impossibility cannot is of what knowledge the connection of 8JiLaxr|?ir| outAxo? and in later chapters.36 Demonstration wise" upon this connection, the necessary premises a syllogism The (ejuoxr^ovLXOv).37 being comes

but

of its degree of its proper object. be otherwise.35 He reiterates "not capable other of holding as following is understood of of productive knowledge treatment in this of the character of scientific of account

of demonstration

third

knowledge. The connection key to understanding

between

and knowledge necessity list of requirements Aristotle's

simpliciter for premises

is of

34 17-18. See also Mc Maclntyre, Principles, 35; McMullin, Inference, in Aristotle "Truth and Explanatory and Contemporary Mullin, Success," Science Sfendoni-Mentzou I, ed. Demetra (New York: Peter Lang, 2000), 60
71.

35AP1.2.71bl5. 36AP 1.4.73a21 and 1.6.74b6, 74bl5. 37 on the part of AP 1.2.71bl8. Demonstration also involves awareness the knower that the premises connections. InAP 1.33, Aristo give necessary tle says that one may deduce using observables and causes that are necessary without In that case, one is not connections. being aware of their necessary one as a Indeed, two people may hold the same syllogism, demonstrating. matter of fact, the other as a demonstrated case This necessity. contrasting of Aristotle's statement about ?moxf|[iri ajt?xo? at speaks to the significance the beginning of AP 1.2 (71bll), that one knows not only the cause but also knows that the cause is the cause of the very thing under consideration.

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474
demonstration

JEANDE GROOT
more in chapter 2?true, primary, unmiddled, and cause of the conclusion.38 These requirements in a preliminary the types requires The essential sketch of demonstration. of xaO'a?x? know are like

able, prior, the first lines drawn

A more

complete picture ter 4, because there Aristotle necessity presented cerns: in things. in terms

treats

in chap predication the subject/attribute structure of in the preliminary is element sketch to his wider philosophical con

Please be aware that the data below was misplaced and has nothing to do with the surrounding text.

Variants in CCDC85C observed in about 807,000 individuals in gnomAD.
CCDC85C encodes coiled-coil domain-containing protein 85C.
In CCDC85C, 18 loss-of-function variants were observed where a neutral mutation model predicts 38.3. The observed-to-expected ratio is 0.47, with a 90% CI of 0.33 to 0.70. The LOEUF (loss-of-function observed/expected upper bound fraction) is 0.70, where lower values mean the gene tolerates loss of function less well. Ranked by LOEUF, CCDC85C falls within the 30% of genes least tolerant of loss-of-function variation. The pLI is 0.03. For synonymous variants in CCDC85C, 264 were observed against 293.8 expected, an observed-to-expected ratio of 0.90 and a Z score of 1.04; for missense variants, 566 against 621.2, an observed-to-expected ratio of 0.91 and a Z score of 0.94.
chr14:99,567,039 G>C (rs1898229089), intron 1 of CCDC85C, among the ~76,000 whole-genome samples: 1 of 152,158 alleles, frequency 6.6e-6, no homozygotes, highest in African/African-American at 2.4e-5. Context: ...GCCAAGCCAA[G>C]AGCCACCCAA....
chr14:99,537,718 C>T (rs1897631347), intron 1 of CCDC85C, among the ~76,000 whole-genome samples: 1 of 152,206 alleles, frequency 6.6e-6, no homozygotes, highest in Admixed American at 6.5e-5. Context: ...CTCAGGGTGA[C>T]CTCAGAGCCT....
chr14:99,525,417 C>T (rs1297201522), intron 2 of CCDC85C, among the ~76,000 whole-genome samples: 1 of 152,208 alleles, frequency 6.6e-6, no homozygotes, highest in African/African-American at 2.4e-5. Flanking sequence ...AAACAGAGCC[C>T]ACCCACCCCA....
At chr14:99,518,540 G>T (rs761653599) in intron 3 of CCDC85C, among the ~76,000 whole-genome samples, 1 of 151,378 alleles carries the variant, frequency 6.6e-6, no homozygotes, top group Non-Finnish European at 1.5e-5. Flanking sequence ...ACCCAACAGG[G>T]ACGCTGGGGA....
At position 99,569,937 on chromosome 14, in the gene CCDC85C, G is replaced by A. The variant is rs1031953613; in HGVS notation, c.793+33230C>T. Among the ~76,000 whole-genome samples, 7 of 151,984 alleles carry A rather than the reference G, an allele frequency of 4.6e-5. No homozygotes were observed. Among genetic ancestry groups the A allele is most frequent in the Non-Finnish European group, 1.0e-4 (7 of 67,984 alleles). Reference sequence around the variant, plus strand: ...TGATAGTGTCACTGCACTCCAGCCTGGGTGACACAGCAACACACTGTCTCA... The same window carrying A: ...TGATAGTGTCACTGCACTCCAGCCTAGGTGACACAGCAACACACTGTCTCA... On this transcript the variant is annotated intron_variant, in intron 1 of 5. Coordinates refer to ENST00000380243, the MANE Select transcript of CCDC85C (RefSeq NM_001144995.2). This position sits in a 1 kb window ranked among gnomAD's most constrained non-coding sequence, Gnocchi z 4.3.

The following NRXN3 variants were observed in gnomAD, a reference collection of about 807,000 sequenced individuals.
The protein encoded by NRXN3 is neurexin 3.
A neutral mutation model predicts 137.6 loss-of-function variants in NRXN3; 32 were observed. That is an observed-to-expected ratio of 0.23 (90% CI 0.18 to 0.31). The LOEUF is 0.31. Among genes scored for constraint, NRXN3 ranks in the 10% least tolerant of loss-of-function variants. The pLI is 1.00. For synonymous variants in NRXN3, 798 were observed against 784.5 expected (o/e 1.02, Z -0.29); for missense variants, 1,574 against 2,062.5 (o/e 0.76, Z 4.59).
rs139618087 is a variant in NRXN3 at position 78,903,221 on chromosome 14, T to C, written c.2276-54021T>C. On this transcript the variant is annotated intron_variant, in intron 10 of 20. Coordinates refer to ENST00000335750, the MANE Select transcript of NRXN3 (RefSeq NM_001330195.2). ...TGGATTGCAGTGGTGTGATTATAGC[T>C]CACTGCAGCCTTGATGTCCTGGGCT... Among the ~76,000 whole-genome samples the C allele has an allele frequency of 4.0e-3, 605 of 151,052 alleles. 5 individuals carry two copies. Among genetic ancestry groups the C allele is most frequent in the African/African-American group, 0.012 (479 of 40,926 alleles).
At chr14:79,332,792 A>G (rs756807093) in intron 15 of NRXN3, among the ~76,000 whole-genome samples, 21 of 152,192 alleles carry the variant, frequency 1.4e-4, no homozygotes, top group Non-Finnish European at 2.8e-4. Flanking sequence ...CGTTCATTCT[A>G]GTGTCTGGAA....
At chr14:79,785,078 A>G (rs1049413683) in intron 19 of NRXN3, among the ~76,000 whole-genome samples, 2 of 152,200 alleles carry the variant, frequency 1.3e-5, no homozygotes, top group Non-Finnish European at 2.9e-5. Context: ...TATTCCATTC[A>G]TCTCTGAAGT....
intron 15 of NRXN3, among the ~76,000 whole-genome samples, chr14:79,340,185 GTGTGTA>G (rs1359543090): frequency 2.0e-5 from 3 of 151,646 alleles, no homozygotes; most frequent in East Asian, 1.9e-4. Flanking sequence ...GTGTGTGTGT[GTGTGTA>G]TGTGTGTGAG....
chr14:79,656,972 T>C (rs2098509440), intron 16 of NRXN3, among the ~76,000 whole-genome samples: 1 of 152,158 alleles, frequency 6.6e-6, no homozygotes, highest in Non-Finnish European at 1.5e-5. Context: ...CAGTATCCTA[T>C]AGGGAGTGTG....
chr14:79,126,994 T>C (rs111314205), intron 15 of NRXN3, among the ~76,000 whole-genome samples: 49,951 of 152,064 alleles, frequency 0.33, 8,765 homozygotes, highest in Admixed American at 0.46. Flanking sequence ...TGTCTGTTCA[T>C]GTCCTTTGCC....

of a point

relevant

For that because of which [to a subject] has the (?l'o) a trait belongs of which we love is trait to a greater degree?for that because example, more dear. So, if we know and hold conviction through primary of to a greater de [things], these also we both know and are convinced gree, because through those also the consequents (x? ??oxsQa) hold.39 The of which we love and that by which we of that on account priority in knowl is causal but it is inevitably also a priority know priority, An example of this dual priority would be knowing that the edge. on the moon it is a sphere. because Of shadow earth casts a circular the two statements, is a circle when projected on a surface, and

1) a sphere

the earth is casting that circular 2) in the present case of lunar eclipse, shadow on the moon as part of its being a spherically shaped body, we con fundamental way and with a clearer 1) in a more more of and circle is known viction than 2). The connection sphere cause in the way outlined it is the because by his ref (yv(OQL^o)X8Qov) understand erence middled tions is the to xo c|)lXov. Causal connections and the most further to are taken and known causal as un connec in demonstration, remain unmiddled criterion closest fundamental

even with in meaning

investigation. "first" in Aristotle's

"Unmiddled" list of re